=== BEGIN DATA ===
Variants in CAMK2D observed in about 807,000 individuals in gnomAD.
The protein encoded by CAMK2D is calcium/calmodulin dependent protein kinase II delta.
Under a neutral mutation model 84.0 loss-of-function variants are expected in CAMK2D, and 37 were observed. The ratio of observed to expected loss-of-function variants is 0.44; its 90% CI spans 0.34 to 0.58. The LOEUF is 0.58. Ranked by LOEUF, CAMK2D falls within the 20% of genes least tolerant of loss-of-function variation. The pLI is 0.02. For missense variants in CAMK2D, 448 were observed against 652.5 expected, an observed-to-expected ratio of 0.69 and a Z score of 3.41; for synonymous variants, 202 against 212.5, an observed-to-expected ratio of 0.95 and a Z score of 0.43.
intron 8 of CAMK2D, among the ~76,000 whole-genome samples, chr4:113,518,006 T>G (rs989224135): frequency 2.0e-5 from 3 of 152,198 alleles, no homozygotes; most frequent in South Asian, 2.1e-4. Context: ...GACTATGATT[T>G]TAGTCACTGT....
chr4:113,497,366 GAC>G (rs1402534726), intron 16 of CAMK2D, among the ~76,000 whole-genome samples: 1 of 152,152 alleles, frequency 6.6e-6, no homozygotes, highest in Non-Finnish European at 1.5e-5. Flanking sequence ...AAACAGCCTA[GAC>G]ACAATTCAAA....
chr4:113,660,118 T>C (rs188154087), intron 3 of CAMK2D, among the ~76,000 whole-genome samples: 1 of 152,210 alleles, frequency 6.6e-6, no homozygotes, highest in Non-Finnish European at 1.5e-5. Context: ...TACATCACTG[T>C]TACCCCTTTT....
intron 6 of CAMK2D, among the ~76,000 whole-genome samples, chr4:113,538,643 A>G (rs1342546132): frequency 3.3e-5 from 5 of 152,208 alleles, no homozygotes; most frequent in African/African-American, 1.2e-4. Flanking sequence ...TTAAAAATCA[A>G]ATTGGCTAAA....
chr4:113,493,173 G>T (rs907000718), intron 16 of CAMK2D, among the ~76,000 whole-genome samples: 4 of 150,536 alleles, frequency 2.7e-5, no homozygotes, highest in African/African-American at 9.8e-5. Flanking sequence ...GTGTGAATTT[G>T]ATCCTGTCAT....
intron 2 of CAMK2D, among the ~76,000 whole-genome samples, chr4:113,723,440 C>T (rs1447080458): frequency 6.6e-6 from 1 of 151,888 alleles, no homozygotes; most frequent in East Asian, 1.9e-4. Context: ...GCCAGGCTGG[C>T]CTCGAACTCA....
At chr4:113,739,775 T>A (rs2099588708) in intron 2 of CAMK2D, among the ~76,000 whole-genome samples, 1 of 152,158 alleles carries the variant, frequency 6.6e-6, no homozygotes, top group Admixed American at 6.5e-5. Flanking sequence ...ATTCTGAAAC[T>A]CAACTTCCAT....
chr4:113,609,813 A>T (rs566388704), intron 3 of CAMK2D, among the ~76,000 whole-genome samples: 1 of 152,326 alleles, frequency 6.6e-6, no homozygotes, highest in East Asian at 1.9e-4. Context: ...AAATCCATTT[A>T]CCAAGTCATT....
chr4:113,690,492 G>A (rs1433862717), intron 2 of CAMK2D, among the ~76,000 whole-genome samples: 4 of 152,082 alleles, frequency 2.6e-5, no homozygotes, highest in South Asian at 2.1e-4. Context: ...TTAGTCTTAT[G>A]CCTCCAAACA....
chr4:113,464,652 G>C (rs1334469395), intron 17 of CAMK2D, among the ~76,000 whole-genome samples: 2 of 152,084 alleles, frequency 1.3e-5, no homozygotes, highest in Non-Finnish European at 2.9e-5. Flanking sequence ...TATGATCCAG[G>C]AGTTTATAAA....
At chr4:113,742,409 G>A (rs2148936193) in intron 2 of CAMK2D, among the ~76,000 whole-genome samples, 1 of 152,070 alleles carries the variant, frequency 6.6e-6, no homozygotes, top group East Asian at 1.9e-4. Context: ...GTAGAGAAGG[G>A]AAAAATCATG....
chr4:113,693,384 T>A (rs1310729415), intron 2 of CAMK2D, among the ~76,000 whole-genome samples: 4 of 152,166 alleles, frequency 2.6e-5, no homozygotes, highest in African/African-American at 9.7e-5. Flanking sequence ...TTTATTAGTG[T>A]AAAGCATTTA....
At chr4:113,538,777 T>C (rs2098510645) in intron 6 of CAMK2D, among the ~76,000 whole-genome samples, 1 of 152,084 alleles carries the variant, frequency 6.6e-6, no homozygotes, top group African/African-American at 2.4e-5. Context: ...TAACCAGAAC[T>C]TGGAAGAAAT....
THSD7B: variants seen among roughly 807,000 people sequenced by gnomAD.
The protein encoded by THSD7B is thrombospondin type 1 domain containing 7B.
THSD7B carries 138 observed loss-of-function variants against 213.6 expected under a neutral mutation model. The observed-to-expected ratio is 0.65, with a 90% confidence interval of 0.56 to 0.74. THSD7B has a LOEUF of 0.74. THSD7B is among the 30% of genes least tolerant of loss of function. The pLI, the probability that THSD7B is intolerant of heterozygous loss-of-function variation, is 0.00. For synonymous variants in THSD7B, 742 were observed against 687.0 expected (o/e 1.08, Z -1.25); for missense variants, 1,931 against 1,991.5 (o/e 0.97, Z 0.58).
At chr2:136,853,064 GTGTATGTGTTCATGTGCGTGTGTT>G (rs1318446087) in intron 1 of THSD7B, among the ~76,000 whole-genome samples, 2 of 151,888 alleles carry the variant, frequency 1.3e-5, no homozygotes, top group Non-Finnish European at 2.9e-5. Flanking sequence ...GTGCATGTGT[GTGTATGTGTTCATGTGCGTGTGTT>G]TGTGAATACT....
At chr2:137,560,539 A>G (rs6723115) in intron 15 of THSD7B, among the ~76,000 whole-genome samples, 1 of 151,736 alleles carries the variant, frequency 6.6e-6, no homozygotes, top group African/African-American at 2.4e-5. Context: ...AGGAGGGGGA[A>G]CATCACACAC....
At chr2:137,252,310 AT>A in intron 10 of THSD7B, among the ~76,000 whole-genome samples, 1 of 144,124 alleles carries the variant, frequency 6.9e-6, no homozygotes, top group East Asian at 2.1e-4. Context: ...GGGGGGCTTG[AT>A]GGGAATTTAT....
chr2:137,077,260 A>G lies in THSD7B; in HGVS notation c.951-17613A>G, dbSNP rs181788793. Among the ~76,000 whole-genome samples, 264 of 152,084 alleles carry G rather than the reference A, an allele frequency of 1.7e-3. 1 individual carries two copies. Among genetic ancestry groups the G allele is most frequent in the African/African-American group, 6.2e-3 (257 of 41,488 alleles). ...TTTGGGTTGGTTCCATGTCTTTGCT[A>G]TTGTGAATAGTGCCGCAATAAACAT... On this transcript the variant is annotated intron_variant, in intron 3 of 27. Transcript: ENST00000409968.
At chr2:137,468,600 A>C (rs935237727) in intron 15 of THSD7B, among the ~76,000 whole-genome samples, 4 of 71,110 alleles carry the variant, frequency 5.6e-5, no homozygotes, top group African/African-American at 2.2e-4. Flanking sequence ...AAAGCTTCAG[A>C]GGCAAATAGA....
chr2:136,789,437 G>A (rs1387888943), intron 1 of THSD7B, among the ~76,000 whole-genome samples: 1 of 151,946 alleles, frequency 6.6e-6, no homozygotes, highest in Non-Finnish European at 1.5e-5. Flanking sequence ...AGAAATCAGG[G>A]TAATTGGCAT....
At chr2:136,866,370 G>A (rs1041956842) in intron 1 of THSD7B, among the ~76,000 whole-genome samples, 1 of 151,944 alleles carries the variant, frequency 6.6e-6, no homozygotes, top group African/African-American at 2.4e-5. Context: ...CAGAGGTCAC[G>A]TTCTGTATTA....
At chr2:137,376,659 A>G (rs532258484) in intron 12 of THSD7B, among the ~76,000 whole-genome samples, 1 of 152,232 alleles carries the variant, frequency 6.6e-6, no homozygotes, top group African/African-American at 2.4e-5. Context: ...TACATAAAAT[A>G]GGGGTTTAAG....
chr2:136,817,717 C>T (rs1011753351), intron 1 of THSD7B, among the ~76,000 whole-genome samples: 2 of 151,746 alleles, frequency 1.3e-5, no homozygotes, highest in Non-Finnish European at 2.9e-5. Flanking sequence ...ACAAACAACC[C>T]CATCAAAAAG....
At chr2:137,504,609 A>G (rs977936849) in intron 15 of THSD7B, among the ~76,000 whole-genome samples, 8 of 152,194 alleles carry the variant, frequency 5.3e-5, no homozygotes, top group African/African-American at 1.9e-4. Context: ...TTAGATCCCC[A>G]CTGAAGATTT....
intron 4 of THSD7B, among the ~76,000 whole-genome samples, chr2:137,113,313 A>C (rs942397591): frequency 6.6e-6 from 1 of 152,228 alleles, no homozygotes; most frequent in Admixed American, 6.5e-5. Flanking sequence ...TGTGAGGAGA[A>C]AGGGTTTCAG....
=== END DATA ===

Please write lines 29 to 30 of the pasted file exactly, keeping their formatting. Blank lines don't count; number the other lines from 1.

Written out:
At chr2:137,504,609 A>G (rs977936849) in intron 15 of THSD7B, among the ~76,000 whole-genome samples, 8 of 152,194 alleles carry the variant, frequency 5.3e-5, no homozygotes, top group African/African-American at 1.9e-4. Context: ...TTAGATCCCC[A>G]CTGAAGATTT....
intron 4 of THSD7B, among the ~76,000 whole-genome samples, chr2:137,113,313 A>C (rs942397591): frequency 6.6e-6 from 1 of 152,228 alleles, no homozygotes; most frequent in Admixed American, 6.5e-5. Flanking sequence ...TGTGAGGAGA[A>C]AGGGTTTCAG....